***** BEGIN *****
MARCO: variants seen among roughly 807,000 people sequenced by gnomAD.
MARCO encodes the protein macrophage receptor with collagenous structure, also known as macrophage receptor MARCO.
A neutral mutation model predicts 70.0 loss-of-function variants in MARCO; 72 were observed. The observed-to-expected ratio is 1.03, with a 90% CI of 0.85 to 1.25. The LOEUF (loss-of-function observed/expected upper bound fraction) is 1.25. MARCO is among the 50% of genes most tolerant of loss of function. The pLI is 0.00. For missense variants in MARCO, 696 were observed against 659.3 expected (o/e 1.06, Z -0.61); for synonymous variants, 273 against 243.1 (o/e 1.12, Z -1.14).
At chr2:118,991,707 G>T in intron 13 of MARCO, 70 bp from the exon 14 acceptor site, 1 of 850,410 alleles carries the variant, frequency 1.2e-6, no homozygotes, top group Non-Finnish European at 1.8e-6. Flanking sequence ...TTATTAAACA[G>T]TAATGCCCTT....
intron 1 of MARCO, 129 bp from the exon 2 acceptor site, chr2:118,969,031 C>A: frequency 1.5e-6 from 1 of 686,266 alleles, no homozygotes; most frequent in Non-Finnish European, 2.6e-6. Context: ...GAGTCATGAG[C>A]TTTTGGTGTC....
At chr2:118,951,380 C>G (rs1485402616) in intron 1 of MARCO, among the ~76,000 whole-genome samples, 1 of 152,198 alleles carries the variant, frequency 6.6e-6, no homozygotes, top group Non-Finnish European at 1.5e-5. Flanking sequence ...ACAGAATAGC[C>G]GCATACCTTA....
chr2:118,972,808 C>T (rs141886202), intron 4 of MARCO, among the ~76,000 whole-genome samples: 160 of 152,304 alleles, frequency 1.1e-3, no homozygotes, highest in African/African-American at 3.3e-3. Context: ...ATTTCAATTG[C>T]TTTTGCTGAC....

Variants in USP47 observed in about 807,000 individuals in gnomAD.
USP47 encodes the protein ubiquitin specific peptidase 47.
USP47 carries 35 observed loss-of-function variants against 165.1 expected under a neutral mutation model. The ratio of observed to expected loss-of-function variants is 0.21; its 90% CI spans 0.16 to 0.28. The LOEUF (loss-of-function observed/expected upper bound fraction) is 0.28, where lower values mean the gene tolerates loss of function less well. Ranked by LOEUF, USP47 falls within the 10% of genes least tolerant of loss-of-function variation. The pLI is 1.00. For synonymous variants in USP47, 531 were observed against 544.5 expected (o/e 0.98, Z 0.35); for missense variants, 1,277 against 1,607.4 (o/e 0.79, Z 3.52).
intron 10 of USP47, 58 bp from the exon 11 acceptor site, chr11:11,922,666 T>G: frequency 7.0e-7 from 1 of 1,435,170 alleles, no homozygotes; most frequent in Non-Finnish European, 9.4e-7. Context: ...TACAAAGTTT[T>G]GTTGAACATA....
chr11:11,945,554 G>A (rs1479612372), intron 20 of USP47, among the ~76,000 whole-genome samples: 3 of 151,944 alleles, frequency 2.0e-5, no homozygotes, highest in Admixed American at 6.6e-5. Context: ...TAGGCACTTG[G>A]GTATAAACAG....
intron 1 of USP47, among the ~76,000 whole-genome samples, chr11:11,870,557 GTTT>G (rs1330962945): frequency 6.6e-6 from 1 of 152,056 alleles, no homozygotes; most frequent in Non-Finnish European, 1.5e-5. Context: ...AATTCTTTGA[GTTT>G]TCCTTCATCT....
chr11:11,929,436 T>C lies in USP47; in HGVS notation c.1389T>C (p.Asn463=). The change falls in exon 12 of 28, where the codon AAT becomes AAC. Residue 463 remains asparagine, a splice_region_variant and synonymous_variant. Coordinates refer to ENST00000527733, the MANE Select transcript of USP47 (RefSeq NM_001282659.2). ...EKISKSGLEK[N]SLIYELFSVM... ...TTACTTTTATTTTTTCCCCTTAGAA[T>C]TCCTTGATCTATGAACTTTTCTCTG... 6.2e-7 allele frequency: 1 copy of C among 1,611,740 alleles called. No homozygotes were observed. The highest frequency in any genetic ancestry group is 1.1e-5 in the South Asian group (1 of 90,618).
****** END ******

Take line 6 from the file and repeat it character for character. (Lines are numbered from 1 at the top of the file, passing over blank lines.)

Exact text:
At chr2:118,951,380 C>G (rs1485402616) in intron 1 of MARCO, among the ~76,000 whole-genome samples, 1 of 152,198 alleles carries the variant, frequency 6.6e-6, no homozygotes, top group Non-Finnish European at 1.5e-5. Flanking sequence ...ACAGAATAGC[C>G]GCATACCTTA....